Young fish in the Northeast, from North Carolina to Nova Scotia, are moving north according to a recent federal study, adding to a growing body of research that shows fish populations shifting because of warmer ocean temperatures.
Scientists with the National Oceanic and Atmospheric Administration say long-term data show young fish are moving north alongside adult fish.
“For the larval species that we examined, we did see a little of over 40 percent of the taxa was shifting their distributions and most of those shifts were occurring primarily northwards,” said Harvey Walsh, lead author of the study comparing long-term survey data.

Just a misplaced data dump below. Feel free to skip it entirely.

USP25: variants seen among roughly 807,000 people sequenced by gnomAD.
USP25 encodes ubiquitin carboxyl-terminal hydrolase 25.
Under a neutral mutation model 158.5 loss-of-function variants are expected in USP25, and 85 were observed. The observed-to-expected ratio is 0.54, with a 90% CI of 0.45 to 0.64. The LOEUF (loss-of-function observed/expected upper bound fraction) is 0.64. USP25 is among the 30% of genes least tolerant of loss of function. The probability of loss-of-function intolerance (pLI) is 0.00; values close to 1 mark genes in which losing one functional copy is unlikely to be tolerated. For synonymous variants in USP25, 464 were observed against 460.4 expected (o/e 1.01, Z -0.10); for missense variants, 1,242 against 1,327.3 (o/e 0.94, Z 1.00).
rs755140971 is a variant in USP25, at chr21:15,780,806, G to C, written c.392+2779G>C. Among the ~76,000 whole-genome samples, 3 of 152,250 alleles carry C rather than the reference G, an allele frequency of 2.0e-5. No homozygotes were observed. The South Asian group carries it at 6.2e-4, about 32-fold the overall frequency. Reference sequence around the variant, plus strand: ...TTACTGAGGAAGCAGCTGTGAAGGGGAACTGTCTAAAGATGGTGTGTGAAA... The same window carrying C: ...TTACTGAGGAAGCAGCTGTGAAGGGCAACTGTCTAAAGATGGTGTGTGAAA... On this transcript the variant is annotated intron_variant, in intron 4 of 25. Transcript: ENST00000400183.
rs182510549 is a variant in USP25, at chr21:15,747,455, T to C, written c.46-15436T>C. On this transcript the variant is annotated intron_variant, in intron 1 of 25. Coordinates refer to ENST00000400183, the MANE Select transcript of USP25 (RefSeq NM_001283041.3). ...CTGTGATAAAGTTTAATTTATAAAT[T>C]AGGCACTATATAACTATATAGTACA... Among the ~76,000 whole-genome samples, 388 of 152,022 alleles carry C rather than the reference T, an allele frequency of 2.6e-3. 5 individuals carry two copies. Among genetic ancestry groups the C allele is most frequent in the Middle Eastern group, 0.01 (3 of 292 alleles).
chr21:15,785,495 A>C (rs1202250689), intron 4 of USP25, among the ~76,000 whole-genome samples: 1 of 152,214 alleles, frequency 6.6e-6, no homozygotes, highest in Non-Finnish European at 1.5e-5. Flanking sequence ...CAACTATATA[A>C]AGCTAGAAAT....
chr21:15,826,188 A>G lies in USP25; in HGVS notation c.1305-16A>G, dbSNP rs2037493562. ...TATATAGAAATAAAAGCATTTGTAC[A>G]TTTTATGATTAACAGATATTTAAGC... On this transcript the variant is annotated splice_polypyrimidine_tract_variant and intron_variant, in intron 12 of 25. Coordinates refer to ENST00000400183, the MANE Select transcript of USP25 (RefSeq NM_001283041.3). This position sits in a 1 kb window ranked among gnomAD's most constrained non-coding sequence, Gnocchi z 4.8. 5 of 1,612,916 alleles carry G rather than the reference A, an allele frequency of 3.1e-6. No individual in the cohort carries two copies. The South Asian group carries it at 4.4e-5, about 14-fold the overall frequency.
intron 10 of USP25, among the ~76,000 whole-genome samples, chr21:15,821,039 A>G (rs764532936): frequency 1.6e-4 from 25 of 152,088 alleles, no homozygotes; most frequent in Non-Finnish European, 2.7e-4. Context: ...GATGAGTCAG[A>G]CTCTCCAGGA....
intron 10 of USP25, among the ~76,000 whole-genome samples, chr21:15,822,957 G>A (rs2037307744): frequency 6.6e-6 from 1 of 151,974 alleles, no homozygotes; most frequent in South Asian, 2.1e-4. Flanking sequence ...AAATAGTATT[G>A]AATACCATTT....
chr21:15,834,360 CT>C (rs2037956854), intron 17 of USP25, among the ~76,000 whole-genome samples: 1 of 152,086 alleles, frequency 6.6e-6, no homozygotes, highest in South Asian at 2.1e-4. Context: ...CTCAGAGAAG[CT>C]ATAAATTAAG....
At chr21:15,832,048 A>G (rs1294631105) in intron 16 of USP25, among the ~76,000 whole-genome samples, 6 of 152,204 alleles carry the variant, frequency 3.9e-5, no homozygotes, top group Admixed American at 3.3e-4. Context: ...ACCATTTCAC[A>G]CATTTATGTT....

One explanation may be that fish are picking new places to lay their eggs, added Jon Hare, director of the NOAA lab in Narragansett.
“Climate change is one potential cause, changing in fishing patterns or stocks rebuilding or decreasing is another possible explanation of the shifts that we documented,” said Hare.
Young fish didn’t always move in the same direction as adults, even though the overall pattern indicates a northward trend. Hare and Harvey said scientists need to do more research to understand why.
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